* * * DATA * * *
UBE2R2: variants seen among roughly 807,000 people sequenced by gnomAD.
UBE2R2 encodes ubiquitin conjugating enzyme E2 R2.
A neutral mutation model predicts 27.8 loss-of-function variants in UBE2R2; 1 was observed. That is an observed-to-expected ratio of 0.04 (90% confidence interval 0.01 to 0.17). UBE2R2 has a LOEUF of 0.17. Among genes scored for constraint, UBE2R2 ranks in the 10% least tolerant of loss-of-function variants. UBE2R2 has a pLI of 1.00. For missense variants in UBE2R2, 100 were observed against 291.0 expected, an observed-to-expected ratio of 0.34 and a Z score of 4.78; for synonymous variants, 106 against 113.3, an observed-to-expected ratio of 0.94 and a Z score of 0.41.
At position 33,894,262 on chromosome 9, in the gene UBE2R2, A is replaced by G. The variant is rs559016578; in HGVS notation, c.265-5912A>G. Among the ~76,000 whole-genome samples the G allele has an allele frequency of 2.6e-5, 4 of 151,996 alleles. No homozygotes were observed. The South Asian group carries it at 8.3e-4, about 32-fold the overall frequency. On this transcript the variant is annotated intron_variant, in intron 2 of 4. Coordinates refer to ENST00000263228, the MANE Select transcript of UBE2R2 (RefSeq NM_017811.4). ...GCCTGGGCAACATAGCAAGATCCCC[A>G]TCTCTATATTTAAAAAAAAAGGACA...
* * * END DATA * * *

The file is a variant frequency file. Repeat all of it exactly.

UBE2R2: variants seen among roughly 807,000 people sequenced by gnomAD.
UBE2R2 encodes ubiquitin conjugating enzyme E2 R2.
A neutral mutation model predicts 27.8 loss-of-function variants in UBE2R2; 1 was observed. That is an observed-to-expected ratio of 0.04 (90% confidence interval 0.01 to 0.17). UBE2R2 has a LOEUF of 0.17. Among genes scored for constraint, UBE2R2 ranks in the 10% least tolerant of loss-of-function variants. UBE2R2 has a pLI of 1.00. For missense variants in UBE2R2, 100 were observed against 291.0 expected, an observed-to-expected ratio of 0.34 and a Z score of 4.78; for synonymous variants, 106 against 113.3, an observed-to-expected ratio of 0.94 and a Z score of 0.41.
At position 33,894,262 on chromosome 9, in the gene UBE2R2, A is replaced by G. The variant is rs559016578; in HGVS notation, c.265-5912A>G. Among the ~76,000 whole-genome samples the G allele has an allele frequency of 2.6e-5, 4 of 151,996 alleles. No homozygotes were observed. The South Asian group carries it at 8.3e-4, about 32-fold the overall frequency. On this transcript the variant is annotated intron_variant, in intron 2 of 4. Coordinates refer to ENST00000263228, the MANE Select transcript of UBE2R2 (RefSeq NM_017811.4). ...GCCTGGGCAACATAGCAAGATCCCC[A>G]TCTCTATATTTAAAAAAAAAGGACA...